ICE returns Royal Seals valued at $1,500,000 to Korea
WASHINGTON – U.S. Immigration and Customs Enforcement (ICE) returned two Royal Seals from the Joseon Dynasty (1392-1910) to the Republic of Korea. Each seal is valued at approximately $750,000.
The Royal Seals belonged to Queen Munjeong, who reigned from 1545 to 1565 and King Hyeonjong, who reigned from 1659 to 1674. The seal belonging to Queen Munjeong is believed to have been stolen during the Korean War (1950-1953) and illegally removed from Korea. King Hyeonjong’s seal is believed to have been stolen during the Japanese occupation of Korea (1910-1945).
“On behalf of the South Korean government, the Cultural Heritage Administration (CHA) and the National Palace Museum are deeply grateful to ICE’s Homeland Security Investigations (HSI) for the successful repatriation of the Royal Seals of Queen Munjung and King Hyeonjong. CHA trusts that this case and future joint investigations will further strengthen the alliance and partnership between the United States and South Korea,” said Director of the National Palace Museum of Korea Yeonsoo Kim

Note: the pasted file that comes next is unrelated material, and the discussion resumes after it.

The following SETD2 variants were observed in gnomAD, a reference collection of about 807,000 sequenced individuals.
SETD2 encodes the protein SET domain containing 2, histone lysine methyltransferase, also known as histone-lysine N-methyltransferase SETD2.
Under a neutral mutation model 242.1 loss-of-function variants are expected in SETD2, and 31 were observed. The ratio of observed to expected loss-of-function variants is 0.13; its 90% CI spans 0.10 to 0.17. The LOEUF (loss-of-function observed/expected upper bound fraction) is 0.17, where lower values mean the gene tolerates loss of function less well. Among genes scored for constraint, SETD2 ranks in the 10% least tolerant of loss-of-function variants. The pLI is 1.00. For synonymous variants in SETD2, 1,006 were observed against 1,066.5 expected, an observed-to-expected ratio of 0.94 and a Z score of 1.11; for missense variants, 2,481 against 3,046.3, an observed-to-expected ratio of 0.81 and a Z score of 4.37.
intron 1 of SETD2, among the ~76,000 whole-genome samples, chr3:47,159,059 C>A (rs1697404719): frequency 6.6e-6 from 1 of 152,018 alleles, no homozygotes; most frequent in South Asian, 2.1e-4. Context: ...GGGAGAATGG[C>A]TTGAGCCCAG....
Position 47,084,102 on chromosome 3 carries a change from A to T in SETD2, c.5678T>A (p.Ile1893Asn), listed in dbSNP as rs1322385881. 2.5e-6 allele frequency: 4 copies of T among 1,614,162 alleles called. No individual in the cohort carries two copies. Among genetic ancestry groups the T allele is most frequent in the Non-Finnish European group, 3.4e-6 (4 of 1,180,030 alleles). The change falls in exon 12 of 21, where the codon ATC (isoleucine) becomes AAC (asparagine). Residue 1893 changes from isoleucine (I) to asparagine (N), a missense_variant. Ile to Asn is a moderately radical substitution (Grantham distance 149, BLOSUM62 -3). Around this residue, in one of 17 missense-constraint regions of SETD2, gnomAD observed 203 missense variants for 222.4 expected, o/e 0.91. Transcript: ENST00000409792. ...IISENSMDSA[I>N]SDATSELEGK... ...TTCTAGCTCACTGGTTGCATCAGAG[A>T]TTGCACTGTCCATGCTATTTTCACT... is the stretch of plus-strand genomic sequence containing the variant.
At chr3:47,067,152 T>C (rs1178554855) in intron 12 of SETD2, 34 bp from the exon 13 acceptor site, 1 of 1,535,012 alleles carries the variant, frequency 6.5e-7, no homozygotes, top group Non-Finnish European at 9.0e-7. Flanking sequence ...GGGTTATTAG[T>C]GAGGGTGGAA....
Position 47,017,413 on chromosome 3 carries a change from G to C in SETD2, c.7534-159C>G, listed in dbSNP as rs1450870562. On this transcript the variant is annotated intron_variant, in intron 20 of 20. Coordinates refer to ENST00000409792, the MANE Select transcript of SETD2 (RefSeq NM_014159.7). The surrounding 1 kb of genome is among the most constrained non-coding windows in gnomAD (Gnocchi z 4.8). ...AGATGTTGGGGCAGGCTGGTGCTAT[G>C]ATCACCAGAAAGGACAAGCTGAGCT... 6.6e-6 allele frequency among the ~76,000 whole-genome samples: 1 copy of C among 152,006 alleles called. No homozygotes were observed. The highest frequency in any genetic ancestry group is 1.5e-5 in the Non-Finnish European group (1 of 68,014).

HSI began investigating Queen Munjeong’s seal in 2013 at the request of CHA after the seal was located at the Los Angeles County Museum of Art (LACMA), who had purchased the artifact in good faith in 2000. Subsequent investigations also lead to the discovery of King Hyeonjong’s seal in a private collection.
“Now, with the help of the American people, the national treasures of the Republic of Korea will be returned,” said Assemblyman of The National Assembly of the Republic of Korea Min Seok Ahn.
ICE has returned approximately 8,000 artifacts to over 30 countries since 2007, including paintings from France, Germany, Poland and Austria, 15th-18th century manuscripts from Italy and Peru, cultural artifacts from China, Cambodia, and two Baatar dinosaur fossils to Mongolia, antiquities and Saddam Hussein-era objects returned to Iraq, ancient artifacts, including a mummy's hand, to Egypt, and most recently an illuminated page from a 15th century manuscript, nearly 200 ancient Roman coins and a book from the personal library of a 14th century Archbishop to Italy.
Learn more about ICE’s cultural property, art and antiquities investigations. Members of the public who have information about suspected stolen cultural property are urged to call the toll-free tip line at 1-866-DHS-2-ICE or to complete the online tip form.